Ronald Fatoullah & Associates - Elder Law

Impact of Supreme Court's Ruling on Elderly Same-Sex Couples


The U.S. Supreme Court recently ruled that a key provision of the Defense of Marriage Act ("DOMA") is unconstitutional. This clears the way for same-sex couples in states that legally recognize their marriages to receive over 1,000 federal benefits and protections that were previously denied them. These benefits include Social Security survivor and spousal benefits, Medicare spousal benefits, and Medicaid's long-term care spousal impoverishment protections.

Eligibility for these federal benefits and protections is far murkier for couples who were legally married, but now live in a state that does not recognize same-sex marriages. This is because the Supreme Court did not challenge another provision of DOMA that says no state must recognize a same-sex marriage from another state. Federal agencies typically defer to the states to determine a couple's marital status. Accordingly, it is possible that married gay couples residing in a state that does not recognize their unions may not receive spousal benefits from some programs.

The following are selected federal benefits and protections of particular interest to senior clients that will now be accorded to legally married same-sex couples in states that recognize their unions:

Federal estate and gift taxes: This was the federal benefit at issue in the case the Supreme Court decided. Same -sex married couples will now be able to transfer money and property to each other, both during their lives and at death, without incurring any gift or estate tax. An unlimited marital deduction now applies on both the state and federal level. If one spouse wishes to leave all assets to his/her same-sex spouse, he or she will be able to do so free of estate tax. Married same-sex couples will also be able to share assets without being subject to gift taxes.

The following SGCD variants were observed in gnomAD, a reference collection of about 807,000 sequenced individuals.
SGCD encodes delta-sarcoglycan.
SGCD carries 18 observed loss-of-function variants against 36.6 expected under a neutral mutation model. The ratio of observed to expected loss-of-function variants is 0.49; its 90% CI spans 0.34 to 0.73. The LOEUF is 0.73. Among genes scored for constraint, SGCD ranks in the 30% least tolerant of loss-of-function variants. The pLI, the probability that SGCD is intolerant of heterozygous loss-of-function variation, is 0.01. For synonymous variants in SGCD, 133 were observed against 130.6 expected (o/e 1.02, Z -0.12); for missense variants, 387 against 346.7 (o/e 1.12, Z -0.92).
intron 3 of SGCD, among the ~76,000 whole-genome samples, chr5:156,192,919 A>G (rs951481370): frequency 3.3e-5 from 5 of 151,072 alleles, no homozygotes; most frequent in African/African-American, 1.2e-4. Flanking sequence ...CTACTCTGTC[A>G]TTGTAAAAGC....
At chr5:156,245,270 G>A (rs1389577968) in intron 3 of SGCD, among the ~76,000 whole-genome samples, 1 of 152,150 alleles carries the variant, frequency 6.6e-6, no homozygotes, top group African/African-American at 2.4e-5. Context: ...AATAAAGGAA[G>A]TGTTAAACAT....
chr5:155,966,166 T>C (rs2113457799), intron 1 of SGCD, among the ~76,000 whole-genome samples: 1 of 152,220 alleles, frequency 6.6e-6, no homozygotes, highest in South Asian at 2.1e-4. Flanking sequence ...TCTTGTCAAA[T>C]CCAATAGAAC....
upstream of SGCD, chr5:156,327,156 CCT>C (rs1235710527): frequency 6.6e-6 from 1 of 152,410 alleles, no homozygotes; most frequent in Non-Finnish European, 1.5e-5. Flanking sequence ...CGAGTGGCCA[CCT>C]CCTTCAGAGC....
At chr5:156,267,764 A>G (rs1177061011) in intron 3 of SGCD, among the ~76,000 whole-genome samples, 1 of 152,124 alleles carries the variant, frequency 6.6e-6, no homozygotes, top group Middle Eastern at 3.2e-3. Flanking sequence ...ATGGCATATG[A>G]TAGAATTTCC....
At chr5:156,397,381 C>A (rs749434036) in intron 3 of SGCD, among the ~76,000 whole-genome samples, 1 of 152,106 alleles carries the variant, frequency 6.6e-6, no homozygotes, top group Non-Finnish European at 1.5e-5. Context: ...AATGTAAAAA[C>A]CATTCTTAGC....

Veterans benefits: Spouses of deceased veterans will be eligible to receive veterans benefits. But veterans whose same-sex spouses have significant income may lose benefits for which they are now eligible because a spouse's income is counted in determining veterans' eligibility for certain benefits.

Social Security spousal and survivor benefits: Same-sex spouses will be eligible for benefits accorded oppositesex spouses, such as entitlement to one -half of a working spouse's entire retirement benefit upon reaching full retirement age. Upon the death of one spouse, the surviving spouse is entitled to the worker's full retirement benefit once the surviving spouse has reached full retirement age, assuming that amount is higher than the one he or she is currently receiving.

For example, under Medicaid rules, married couples can transfer assets to each other without penalty and qualify for Medicaid, and well spouses can sign a "spousal refusal." However, Medicaid can recover against the assets of a refusing spouse. On the other hand, a healthy partner that is not considered legally married can keep all of his/her assets without limitation/liability, and only the nursing home partner need spend down his own assets on his care.

Smart, Caring Strategy For Seniors: Call 516-466-4422.

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